The United States has the highest incarceration rate in the world. This is despite the national incarceration rate being at its lowest in 20 years. About 25% of the world’s total prison population is in the United States, which holds about 2.19 million prisoners as of 2019 (1.38 million in federal and state prisons, 745,200 in jails). Mass incarceration in the United States has led to several problems. Among these are overcrowded prisons, which lead to increased health risks and decreased psychological well-being.
Additionally, the increasing number of prisoners puts a major strain on state budgets. State prisons spend as high as $69,355 per inmate (the average cost of an inmate in New York). Prisons control and administer all aspects of life for inmates, resulting in a long list of costly necessities. Costs include food, recreational activities, educational opportunities, adequate security, utility costs, infrastructure maintenance, and health care.
Mass incarceration in the United States is a civil rights issue. Many argue that incarceration dehumanizes poor people and minorities, damaging already marginalized communities, and does not increase public safety. Additionally, high recidivism rates show that incarceration is ineffective and harmful to offenders, their families, the victims, and law enforcement if an offender does time without proper counseling and assimilation back into their community. Many prisoners have difficulty reestablishing relationships, finding jobs, and staying away from criminal activity after being released.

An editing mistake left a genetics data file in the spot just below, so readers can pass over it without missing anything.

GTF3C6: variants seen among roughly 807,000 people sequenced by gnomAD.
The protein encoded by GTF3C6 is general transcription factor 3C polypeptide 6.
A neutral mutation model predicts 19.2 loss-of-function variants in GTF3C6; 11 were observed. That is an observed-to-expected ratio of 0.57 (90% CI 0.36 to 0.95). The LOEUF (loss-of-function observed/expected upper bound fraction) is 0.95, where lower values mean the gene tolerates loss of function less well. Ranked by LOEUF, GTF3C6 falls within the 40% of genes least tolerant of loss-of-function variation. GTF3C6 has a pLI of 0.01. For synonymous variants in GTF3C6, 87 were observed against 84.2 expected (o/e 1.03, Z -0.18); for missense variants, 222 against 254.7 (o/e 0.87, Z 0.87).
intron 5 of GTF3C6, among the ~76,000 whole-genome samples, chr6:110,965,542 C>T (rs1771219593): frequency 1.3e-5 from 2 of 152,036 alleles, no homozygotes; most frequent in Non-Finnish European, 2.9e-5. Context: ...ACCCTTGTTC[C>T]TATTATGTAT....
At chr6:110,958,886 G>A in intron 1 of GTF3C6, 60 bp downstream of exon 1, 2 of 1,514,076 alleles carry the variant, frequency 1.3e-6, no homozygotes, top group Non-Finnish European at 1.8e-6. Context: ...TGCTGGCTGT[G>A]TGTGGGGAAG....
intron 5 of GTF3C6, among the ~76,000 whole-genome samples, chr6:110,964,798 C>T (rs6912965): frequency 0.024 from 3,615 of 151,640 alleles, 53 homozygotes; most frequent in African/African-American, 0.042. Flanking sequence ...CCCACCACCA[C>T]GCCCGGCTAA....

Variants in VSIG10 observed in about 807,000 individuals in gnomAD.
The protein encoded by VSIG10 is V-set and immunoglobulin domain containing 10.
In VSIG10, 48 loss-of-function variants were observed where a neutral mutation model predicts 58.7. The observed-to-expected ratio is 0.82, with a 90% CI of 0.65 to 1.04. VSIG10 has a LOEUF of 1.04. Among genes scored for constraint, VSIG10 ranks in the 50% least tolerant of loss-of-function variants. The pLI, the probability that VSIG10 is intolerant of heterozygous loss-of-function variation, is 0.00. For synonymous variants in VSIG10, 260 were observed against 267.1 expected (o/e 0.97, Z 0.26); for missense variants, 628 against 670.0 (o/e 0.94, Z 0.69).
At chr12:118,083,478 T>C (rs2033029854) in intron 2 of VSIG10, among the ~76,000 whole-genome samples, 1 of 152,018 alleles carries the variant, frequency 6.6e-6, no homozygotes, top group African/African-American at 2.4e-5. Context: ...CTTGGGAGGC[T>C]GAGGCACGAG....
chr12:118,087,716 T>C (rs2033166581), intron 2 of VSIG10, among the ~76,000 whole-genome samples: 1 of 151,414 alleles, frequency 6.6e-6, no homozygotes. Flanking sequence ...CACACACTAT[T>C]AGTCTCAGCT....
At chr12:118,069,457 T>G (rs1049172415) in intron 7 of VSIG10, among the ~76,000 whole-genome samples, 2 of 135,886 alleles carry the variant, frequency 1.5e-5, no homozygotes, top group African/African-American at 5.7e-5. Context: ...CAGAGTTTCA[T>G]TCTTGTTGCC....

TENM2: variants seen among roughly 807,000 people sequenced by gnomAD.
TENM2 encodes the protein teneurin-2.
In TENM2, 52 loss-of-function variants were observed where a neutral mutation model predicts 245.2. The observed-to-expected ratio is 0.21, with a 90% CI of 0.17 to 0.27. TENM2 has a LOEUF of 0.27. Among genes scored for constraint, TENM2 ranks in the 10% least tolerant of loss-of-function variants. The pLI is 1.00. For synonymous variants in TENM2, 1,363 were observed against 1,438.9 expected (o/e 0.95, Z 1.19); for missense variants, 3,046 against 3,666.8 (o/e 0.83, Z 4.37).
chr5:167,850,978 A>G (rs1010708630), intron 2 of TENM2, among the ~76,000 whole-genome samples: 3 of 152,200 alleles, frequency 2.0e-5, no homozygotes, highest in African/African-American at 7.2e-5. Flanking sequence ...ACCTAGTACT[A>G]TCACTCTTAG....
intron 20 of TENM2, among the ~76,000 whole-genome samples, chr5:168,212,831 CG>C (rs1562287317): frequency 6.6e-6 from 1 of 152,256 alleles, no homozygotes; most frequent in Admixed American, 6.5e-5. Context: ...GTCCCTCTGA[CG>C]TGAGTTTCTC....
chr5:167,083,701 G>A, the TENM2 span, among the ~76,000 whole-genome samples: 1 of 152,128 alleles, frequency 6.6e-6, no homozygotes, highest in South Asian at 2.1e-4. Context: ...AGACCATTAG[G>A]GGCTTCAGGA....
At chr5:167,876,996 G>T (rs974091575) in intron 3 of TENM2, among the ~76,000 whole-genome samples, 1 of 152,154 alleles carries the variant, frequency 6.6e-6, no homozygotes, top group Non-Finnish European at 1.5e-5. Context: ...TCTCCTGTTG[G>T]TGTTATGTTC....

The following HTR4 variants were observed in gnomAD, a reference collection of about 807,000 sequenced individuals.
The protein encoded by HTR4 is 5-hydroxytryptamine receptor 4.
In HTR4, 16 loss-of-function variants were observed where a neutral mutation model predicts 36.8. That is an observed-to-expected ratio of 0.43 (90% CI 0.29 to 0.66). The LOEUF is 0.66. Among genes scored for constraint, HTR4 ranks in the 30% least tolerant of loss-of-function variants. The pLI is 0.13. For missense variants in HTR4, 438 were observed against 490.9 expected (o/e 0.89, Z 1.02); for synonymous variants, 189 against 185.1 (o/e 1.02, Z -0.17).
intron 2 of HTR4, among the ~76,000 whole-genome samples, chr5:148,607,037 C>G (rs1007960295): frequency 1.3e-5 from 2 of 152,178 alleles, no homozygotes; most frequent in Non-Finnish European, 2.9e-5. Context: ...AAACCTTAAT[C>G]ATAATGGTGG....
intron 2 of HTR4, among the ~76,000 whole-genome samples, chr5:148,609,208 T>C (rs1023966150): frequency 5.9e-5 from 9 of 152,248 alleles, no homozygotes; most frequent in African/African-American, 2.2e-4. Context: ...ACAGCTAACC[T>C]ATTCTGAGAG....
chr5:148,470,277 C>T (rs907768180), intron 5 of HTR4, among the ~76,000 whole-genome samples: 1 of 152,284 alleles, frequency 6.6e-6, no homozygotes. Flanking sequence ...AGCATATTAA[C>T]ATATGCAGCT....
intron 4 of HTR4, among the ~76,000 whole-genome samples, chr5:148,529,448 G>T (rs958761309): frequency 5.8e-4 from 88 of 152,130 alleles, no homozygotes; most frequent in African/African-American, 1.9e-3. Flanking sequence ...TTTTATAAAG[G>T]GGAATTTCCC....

The United States has about 437 prisoners per 100,000 people as of the end of 2019, a 2.6% drop from 2018. As of 2018, the imprisonment rate of black males was 5.8 times greater than that of white males, and the imprisonment rate of black females was 1.8 times greater than the of white females. New Hampshire, Vermont, Minnesota, Rhode Island, Maine, and Massachusetts have the lowest prison incarceration rates of under 200 per 100,000 people.
The ten states with the highest prison populations in the country are Texas (154,749), California (122,417), Florida (96,009), Georgia (54,113), Ohio (50,338), Pennsylvania (45,485), New York (43,439), Arizona (40,951), Illinois (38,259), and Michigan (38,053). In terms of imprisonment rate per 100,000 people, Louisiana, Oklahoma, and Mississippi have the highest rates, 680, 639, and 636, respectively.